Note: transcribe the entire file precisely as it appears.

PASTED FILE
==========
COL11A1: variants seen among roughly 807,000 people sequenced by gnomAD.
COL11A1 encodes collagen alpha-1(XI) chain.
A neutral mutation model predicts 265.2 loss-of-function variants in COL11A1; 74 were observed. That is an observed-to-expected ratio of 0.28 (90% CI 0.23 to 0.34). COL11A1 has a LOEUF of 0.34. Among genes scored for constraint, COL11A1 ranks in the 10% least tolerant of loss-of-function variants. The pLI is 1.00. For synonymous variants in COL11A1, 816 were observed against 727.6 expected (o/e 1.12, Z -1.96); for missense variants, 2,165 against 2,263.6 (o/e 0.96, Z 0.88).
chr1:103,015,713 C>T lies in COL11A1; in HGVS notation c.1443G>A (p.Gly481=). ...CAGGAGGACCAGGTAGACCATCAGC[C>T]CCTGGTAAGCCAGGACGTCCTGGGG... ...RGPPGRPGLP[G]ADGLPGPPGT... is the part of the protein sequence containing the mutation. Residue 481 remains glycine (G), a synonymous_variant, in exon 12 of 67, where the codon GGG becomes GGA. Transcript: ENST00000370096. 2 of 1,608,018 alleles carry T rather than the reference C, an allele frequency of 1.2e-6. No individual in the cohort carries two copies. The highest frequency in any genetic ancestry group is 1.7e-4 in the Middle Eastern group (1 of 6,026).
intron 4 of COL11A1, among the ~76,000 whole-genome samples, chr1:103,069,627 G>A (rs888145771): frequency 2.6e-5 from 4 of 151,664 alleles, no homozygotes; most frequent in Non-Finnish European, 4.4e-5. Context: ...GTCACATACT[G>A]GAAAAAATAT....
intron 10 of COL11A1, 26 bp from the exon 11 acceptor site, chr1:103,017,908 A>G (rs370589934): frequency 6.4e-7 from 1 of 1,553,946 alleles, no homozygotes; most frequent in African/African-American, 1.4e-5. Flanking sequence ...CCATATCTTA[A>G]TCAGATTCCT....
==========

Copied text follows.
COL11A1: variants seen among roughly 807,000 people sequenced by gnomAD.
COL11A1 encodes collagen alpha-1(XI) chain.
A neutral mutation model predicts 265.2 loss-of-function variants in COL11A1; 74 were observed. That is an observed-to-expected ratio of 0.28 (90% CI 0.23 to 0.34). COL11A1 has a LOEUF of 0.34. Among genes scored for constraint, COL11A1 ranks in the 10% least tolerant of loss-of-function variants. The pLI is 1.00. For synonymous variants in COL11A1, 816 were observed against 727.6 expected (o/e 1.12, Z -1.96); for missense variants, 2,165 against 2,263.6 (o/e 0.96, Z 0.88).
chr1:103,015,713 C>T lies in COL11A1; in HGVS notation c.1443G>A (p.Gly481=). ...CAGGAGGACCAGGTAGACCATCAGC[C>T]CCTGGTAAGCCAGGACGTCCTGGGG... ...RGPPGRPGLP[G]ADGLPGPPGT... is the part of the protein sequence containing the mutation. Residue 481 remains glycine (G), a synonymous_variant, in exon 12 of 67, where the codon GGG becomes GGA. Transcript: ENST00000370096. 2 of 1,608,018 alleles carry T rather than the reference C, an allele frequency of 1.2e-6. No individual in the cohort carries two copies. The highest frequency in any genetic ancestry group is 1.7e-4 in the Middle Eastern group (1 of 6,026).
intron 4 of COL11A1, among the ~76,000 whole-genome samples, chr1:103,069,627 G>A (rs888145771): frequency 2.6e-5 from 4 of 151,664 alleles, no homozygotes; most frequent in Non-Finnish European, 4.4e-5. Context: ...GTCACATACT[G>A]GAAAAAATAT....
intron 10 of COL11A1, 26 bp from the exon 11 acceptor site, chr1:103,017,908 A>G (rs370589934): frequency 6.4e-7 from 1 of 1,553,946 alleles, no homozygotes; most frequent in African/African-American, 1.4e-5. Flanking sequence ...CCATATCTTA[A>G]TCAGATTCCT....